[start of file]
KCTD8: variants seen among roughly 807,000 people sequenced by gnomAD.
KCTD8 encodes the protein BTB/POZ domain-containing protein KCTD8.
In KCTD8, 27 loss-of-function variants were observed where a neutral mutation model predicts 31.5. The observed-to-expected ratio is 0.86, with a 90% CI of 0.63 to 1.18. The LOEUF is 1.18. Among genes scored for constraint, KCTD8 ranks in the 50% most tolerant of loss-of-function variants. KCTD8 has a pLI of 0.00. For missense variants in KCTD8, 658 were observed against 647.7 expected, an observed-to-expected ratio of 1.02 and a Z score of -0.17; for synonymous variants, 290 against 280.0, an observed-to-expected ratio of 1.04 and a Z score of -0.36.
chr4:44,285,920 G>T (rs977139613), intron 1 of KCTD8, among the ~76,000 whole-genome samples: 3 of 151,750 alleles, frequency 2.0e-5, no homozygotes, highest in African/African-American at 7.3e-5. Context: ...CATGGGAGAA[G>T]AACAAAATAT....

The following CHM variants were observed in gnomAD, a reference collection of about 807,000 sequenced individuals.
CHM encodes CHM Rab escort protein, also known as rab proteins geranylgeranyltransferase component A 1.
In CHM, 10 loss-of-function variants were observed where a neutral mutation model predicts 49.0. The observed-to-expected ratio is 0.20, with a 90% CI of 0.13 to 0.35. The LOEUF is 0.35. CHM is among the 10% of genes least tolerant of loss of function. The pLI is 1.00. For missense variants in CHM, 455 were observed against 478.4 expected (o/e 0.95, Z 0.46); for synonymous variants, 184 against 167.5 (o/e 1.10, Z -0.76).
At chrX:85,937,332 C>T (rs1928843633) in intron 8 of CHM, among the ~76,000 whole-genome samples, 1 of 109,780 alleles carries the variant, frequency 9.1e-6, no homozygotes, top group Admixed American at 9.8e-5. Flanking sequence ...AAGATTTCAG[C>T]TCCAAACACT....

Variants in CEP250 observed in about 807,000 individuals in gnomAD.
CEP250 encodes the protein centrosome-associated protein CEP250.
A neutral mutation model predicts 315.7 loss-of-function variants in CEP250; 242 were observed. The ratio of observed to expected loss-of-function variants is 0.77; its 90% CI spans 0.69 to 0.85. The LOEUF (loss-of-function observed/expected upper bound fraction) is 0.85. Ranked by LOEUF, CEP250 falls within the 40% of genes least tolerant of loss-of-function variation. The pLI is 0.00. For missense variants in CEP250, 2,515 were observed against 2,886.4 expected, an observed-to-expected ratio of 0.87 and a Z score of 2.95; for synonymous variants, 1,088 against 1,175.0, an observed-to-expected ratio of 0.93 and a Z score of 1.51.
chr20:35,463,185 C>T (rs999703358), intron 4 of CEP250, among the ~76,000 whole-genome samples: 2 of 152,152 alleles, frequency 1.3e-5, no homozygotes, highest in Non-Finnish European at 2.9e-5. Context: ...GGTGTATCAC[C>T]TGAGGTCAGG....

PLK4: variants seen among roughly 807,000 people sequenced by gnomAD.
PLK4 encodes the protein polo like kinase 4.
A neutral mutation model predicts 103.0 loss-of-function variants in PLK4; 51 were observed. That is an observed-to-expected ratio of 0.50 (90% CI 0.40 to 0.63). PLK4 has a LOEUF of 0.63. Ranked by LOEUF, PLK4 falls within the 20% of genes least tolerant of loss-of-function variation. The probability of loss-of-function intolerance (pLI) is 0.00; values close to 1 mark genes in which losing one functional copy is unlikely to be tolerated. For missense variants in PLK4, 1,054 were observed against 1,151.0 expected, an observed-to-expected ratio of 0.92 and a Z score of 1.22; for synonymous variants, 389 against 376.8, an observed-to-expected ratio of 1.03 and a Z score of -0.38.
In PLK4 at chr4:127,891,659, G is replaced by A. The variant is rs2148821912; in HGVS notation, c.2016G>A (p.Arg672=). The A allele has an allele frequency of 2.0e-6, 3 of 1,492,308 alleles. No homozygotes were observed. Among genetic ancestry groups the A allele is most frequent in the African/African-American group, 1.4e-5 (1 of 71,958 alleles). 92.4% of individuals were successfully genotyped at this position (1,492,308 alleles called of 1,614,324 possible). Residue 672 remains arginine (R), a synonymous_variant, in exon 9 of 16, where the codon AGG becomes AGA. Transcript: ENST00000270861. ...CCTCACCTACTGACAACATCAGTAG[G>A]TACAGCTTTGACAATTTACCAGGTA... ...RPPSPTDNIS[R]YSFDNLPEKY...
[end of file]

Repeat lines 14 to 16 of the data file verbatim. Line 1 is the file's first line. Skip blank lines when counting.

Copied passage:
PLK4 encodes the protein polo like kinase 4.
A neutral mutation model predicts 103.0 loss-of-function variants in PLK4; 51 were observed. That is an observed-to-expected ratio of 0.50 (90% CI 0.40 to 0.63). PLK4 has a LOEUF of 0.63. Ranked by LOEUF, PLK4 falls within the 20% of genes least tolerant of loss-of-function variation. The probability of loss-of-function intolerance (pLI) is 0.00; values close to 1 mark genes in which losing one functional copy is unlikely to be tolerated. For missense variants in PLK4, 1,054 were observed against 1,151.0 expected, an observed-to-expected ratio of 0.92 and a Z score of 1.22; for synonymous variants, 389 against 376.8, an observed-to-expected ratio of 1.03 and a Z score of -0.38.
In PLK4 at chr4:127,891,659, G is replaced by A. The variant is rs2148821912; in HGVS notation, c.2016G>A (p.Arg672=). The A allele has an allele frequency of 2.0e-6, 3 of 1,492,308 alleles. No homozygotes were observed. Among genetic ancestry groups the A allele is most frequent in the African/African-American group, 1.4e-5 (1 of 71,958 alleles). 92.4% of individuals were successfully genotyped at this position (1,492,308 alleles called of 1,614,324 possible). Residue 672 remains arginine (R), a synonymous_variant, in exon 9 of 16, where the codon AGG becomes AGA. Transcript: ENST00000270861. ...CCTCACCTACTGACAACATCAGTAG[G>A]TACAGCTTTGACAATTTACCAGGTA... ...RPPSPTDNIS[R]YSFDNLPEKY...